I truly thought there was a chance.
Sure, Rice was going up against the University of Houston football team, a team that received votes for the top-25. And yeah, the Owls looked terrible in their 62-7 loss to Stanford.
But Rice was coming off its best performance in a long time. The Owls dominated the University of Texas, El Paso in every sense of the word. It looked like Rice had turned a corner. And UH looked bad last week. The Cougars’ defense performed well, but their offense was anemic. If Rice’s defense could have played as well as it did against UTEP and if UH’s offense could have been as bad as it was against Arizona, I really thought the Owls could have kept the game close. With Rice riding high in its first game in Houston after Harvey, anything seemed possible.
Those dreams died in a three-minute, two-second span in the first quarter. A brief recap: Touchdown, UH. Not that surprising. Fumble, Rice. Uh oh. Field goal, UH. Not yet a disaster, but close. Interception, Rice. Dear Lord. Another TD, UH. Good game.
The game went from 0-0 to 17-0 in just 3:02. The mood changed from “Rice has a chance to pull off a huge win” to “I can’t believe I have to watch the rest of this game” in that brief span of time.
The Bayou Bucket was billed as a unifying event for the city of Houston. It was anything but unifying on the football field. All this game did was highlight the gaping chasm that has grown between Rice football and UH football over the four years since the rivalry was last played.
There was UH, in its glitzy new stadium and in front of a near-sellout crowd, dominating an overmatched Owls team. Sophomore defensive lineman Ed Oliver, a five-star recruit, was pummeling Rice players left and right. And head coach Major Applewhite explained in his postgame press conference that the Cougars treat all of their opponents the same – even if that opponent is lowly Rice.
Then there was Rice. Owls fans filled up just one section of the stadium despite the university’s proximity to UH. The player of the game for Rice was the punter. And the Owls’ best play was a fourth and goal stop when they were already down by 38 points. I don’t fault the players for celebrating the stop, but it’s tough not to feel some pity when a team does that while trailing by six scores.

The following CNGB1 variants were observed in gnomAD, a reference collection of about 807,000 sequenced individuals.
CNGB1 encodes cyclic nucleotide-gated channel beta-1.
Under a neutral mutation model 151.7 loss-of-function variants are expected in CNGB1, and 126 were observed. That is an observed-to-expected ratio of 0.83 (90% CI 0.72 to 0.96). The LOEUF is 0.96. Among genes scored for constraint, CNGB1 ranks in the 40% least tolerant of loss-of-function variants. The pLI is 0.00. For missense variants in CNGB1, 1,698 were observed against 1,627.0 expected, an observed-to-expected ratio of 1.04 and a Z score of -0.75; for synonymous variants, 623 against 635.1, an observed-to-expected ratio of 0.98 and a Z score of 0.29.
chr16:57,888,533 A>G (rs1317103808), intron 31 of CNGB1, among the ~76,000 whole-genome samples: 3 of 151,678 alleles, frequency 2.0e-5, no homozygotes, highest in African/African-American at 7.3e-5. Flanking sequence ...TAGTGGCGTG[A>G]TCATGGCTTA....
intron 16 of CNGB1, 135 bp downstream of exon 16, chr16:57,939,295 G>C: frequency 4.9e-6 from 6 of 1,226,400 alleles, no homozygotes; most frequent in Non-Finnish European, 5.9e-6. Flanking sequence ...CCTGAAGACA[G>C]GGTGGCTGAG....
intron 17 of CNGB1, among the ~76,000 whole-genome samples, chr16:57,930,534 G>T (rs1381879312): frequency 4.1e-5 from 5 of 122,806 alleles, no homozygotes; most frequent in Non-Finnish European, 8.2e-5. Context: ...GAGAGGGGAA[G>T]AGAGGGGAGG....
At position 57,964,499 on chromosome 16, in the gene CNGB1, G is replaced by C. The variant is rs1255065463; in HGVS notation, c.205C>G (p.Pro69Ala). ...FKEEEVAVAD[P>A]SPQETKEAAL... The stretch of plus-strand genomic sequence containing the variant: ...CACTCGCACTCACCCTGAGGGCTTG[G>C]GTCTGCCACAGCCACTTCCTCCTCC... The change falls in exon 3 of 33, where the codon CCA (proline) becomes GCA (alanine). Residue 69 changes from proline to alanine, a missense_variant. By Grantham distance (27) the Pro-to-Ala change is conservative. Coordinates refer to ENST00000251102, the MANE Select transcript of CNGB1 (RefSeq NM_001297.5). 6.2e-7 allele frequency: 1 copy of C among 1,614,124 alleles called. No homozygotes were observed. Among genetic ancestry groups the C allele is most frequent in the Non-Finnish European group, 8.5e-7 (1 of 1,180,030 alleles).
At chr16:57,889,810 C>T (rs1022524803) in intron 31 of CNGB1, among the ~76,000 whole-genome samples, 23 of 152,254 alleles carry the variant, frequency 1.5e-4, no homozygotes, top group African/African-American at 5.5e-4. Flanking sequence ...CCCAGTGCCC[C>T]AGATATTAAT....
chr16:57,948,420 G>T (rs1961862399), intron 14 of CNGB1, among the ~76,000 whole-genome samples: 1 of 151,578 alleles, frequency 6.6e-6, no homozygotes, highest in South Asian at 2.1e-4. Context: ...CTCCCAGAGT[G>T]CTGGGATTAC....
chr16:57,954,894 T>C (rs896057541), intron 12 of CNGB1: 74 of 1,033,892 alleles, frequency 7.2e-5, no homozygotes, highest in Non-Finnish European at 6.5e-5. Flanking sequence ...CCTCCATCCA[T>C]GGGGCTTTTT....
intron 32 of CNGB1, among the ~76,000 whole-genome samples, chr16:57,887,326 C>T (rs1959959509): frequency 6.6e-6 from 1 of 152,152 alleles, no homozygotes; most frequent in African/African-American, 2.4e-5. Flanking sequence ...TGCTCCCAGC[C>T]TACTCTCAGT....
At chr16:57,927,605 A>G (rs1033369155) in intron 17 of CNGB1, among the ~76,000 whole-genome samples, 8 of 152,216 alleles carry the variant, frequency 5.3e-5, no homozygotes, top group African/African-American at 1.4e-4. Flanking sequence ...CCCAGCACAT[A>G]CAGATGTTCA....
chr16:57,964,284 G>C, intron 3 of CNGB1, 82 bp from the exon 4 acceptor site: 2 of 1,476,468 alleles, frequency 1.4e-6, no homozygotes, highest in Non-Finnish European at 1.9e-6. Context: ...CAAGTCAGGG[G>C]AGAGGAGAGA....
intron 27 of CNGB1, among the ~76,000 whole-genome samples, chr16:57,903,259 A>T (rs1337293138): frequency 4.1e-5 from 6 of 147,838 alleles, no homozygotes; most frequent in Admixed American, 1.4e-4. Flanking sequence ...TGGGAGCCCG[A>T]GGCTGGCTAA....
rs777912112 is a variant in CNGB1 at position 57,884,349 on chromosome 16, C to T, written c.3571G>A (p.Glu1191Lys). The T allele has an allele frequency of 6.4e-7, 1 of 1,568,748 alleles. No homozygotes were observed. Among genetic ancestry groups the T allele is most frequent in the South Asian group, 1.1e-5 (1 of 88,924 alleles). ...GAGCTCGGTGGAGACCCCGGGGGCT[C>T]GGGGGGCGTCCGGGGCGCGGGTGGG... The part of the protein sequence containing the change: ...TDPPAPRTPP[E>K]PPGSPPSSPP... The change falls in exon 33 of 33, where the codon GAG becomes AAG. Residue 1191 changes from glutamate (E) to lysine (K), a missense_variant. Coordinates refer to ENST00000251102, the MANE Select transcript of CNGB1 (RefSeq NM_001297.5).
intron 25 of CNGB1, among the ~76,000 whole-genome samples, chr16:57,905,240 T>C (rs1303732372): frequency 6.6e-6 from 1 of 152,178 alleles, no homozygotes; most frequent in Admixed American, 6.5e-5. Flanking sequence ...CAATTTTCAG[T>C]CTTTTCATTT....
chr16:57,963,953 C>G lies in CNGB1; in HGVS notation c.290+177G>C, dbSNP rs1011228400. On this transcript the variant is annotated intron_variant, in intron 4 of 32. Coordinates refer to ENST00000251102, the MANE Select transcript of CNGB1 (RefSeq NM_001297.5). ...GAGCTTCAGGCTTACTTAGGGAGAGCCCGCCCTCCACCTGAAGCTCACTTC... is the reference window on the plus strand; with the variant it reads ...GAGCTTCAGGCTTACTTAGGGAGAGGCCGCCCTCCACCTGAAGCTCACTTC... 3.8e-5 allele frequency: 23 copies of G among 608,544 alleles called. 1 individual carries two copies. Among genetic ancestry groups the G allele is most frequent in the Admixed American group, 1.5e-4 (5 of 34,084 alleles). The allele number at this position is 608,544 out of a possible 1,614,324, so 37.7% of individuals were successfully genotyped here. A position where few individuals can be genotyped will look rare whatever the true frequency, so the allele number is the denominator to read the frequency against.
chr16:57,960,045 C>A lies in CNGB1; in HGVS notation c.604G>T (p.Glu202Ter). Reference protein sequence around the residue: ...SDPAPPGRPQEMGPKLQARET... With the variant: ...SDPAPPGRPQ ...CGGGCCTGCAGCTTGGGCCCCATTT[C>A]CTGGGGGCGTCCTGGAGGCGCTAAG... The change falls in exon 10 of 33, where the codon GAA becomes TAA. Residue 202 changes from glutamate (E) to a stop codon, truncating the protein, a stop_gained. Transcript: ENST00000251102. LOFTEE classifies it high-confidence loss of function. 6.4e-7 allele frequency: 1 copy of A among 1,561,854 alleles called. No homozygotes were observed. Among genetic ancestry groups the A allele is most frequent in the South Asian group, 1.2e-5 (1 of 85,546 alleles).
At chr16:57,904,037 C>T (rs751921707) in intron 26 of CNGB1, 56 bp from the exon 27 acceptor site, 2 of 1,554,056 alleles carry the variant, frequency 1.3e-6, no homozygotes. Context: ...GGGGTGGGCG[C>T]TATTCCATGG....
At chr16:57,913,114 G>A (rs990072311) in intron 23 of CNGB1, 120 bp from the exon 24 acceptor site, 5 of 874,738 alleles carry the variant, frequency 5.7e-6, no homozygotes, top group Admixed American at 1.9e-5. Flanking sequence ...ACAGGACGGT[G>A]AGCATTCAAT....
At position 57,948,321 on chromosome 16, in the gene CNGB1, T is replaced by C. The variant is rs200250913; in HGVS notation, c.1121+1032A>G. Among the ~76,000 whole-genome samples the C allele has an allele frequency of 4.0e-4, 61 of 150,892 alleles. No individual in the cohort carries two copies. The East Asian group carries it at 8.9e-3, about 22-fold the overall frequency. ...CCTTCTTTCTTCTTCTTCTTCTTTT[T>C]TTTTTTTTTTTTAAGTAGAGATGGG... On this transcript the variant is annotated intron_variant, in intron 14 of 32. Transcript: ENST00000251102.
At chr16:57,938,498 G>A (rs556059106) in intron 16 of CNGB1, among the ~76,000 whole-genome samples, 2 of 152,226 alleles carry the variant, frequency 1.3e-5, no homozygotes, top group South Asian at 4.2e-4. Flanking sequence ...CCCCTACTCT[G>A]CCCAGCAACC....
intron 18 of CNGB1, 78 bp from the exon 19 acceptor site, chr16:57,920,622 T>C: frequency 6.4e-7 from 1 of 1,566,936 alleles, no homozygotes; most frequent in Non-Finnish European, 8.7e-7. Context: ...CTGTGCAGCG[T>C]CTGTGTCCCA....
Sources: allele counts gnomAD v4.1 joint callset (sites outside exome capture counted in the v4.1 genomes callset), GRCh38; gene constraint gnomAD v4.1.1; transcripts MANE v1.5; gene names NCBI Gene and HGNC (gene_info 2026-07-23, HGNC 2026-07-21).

It was just seven years ago that Rice beat UH 34-31. Four years ago, the Owls lost by one possession. This time, it was 38-3, and it truly should have been a lot worse. The score was 38-0 at halftime; if UH had needed to score more in the second half, it probably would have.
Sure, Rice has taken beatings in the Bayou Bucket before. In 2009, the score was even more lopsided – Houston won 73-14. But at the time, both schools were on a similar level in recruiting because they were both in Conference USA. Since then, both Rice football’s reputation and C-USA’s reputation have tanked while UH’s reputation and the American Athletic Conference’s reputation have soared. Past blowouts have been signs of bad years. This blowout was a sign of a downward trend.
The former C-USA rivals are rivals no more. It’s impossible to call it a rivalry because, well, what about Rice football is better than UH football? That its head coach sticks around, maybe? That’s about it. The Bayou Bucket would’ve meant everything to Rice if it had won. It could’ve been one of the signature wins of head coach David Bailiff’s tenure. To Houston, it was just a victory in a warm-up game in preparation for more talented, higher profile opponents.
There will be another Bayou Bucket next year, and again in 2020 and 2021. Both Bailiff and Applewhite expressed interest in scheduling the matchup to open every season, so there will most likely be more meetings down the road. I’m wondering when Rice will next win the Bayou Bucket. UH might as well build a trophy case for it on campus. It’s not going anywhere anytime soon.
If John F. Kennedy spoke at Rice Stadium today, he could easily replace “Why does Rice play Texas?” with “Why does Rice play Houston?” The gap is that big. But hey, we made it to the moon. So maybe Rice did have a chance. All I know is if it did, Rice football’s moonshot crashed and burned.